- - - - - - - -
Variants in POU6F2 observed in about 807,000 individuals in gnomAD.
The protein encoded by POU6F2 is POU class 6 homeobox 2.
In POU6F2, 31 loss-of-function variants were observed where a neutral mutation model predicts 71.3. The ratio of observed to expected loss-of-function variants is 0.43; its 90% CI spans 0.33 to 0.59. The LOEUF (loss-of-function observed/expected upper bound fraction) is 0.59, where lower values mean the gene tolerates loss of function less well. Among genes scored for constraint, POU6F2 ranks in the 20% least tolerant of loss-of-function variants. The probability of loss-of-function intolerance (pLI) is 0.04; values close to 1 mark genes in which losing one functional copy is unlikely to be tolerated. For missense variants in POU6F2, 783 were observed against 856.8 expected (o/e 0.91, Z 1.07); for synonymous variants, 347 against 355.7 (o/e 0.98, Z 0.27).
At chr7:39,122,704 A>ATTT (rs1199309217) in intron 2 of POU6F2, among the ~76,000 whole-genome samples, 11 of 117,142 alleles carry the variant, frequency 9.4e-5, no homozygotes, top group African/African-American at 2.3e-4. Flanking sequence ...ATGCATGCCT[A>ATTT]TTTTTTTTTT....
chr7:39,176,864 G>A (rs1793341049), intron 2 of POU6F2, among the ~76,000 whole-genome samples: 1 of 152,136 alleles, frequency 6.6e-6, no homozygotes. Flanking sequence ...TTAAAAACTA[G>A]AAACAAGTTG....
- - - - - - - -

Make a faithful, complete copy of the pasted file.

Variants in POU6F2 observed in about 807,000 individuals in gnomAD.
The protein encoded by POU6F2 is POU class 6 homeobox 2.
In POU6F2, 31 loss-of-function variants were observed where a neutral mutation model predicts 71.3. The ratio of observed to expected loss-of-function variants is 0.43; its 90% CI spans 0.33 to 0.59. The LOEUF (loss-of-function observed/expected upper bound fraction) is 0.59, where lower values mean the gene tolerates loss of function less well. Among genes scored for constraint, POU6F2 ranks in the 20% least tolerant of loss-of-function variants. The probability of loss-of-function intolerance (pLI) is 0.04; values close to 1 mark genes in which losing one functional copy is unlikely to be tolerated. For missense variants in POU6F2, 783 were observed against 856.8 expected (o/e 0.91, Z 1.07); for synonymous variants, 347 against 355.7 (o/e 0.98, Z 0.27).
At chr7:39,122,704 A>ATTT (rs1199309217) in intron 2 of POU6F2, among the ~76,000 whole-genome samples, 11 of 117,142 alleles carry the variant, frequency 9.4e-5, no homozygotes, top group African/African-American at 2.3e-4. Flanking sequence ...ATGCATGCCT[A>ATTT]TTTTTTTTTT....
chr7:39,176,864 G>A (rs1793341049), intron 2 of POU6F2, among the ~76,000 whole-genome samples: 1 of 152,136 alleles, frequency 6.6e-6, no homozygotes. Flanking sequence ...TTAAAAACTA[G>A]AAACAAGTTG....